REPORTING FROM BERLIN -- Germany's most infamous book won't be hitting newsstands this week after all.
A British publisher who had planned to print excerpts of Adolf Hitler's political screed "Mein Kampf" in Germany backed down Wednesday in the face of a threat of legal action from the Bavarian government.
Peter McGee planned to publish three 16-page installments of "Mein Kampf" beginning Thursday in Zeitungszeugen, his weekly magazine that prints annotated reproductions of Nazi-era newspapers. He announced Wednesday on the magazine's website that he would just run commentary on the book instead.
Contrary to popular belief, "Mein Kampf" is not banned in Germany. But its copyright is held by the state of Bavaria, which has not permitted it to be reprinted.
Last week, Jewish groups protested the planned publication, and the Bavarian finance ministry signaled that the excerpts would be too long to claim exemption from copyright protection. McGee had said he would go ahead with his plans, to help shatter the book's mystique and show Germans that the book was in fact a shoddy piece of writing. On Wednesday, however, he changed his mind.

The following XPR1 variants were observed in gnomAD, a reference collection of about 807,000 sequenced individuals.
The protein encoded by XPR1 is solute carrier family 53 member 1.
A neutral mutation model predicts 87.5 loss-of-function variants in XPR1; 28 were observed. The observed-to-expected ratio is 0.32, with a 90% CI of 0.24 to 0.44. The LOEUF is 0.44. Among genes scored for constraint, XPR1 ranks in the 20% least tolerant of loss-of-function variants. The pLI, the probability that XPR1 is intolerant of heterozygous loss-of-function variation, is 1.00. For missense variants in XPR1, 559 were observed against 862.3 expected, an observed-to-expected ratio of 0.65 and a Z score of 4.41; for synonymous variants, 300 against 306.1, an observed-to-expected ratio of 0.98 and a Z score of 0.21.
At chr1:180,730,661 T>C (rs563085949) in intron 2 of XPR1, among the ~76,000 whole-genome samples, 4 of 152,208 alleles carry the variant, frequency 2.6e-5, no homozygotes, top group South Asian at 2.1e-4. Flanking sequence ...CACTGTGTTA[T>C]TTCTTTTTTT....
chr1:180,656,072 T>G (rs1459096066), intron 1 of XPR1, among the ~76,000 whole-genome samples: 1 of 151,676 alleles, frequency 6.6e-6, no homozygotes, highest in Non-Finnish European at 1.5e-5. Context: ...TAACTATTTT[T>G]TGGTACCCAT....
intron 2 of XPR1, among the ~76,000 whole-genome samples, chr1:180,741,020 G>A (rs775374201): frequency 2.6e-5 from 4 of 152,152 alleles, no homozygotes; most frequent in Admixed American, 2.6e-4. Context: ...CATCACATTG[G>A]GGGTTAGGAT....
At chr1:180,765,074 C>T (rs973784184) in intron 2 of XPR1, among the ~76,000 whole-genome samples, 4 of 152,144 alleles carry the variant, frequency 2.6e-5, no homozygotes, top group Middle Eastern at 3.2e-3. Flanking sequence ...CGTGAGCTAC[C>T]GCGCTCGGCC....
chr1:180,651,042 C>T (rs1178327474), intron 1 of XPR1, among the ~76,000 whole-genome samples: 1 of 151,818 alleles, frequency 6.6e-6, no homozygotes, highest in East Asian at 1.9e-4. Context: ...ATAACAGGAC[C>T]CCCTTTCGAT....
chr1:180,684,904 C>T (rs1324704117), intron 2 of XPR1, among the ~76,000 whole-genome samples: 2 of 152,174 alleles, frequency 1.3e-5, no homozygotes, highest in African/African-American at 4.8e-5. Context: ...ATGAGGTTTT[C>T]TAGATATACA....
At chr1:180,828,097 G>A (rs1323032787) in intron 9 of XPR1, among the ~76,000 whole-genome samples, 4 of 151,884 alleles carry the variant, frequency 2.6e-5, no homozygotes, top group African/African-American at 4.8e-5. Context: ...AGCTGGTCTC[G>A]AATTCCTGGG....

The issue of permission to reprint "Mein Kampf" in Germany will be moot in three years' time, however. Bavaria's copyright on the book expires in 2015, 70 years after Hitler's death.
-- Aaron Wiener
Photos: A woman holds a brochure of the weekly newspaper Zeitungszeugen containing original texts of Hitler's 'Mein Kampf' and commentaries that had been planned for publication Thursday. British publisher Peter McGee announced he would just run commentaries on the book. Credit: Stephan Jansen / European Pressphoto Agency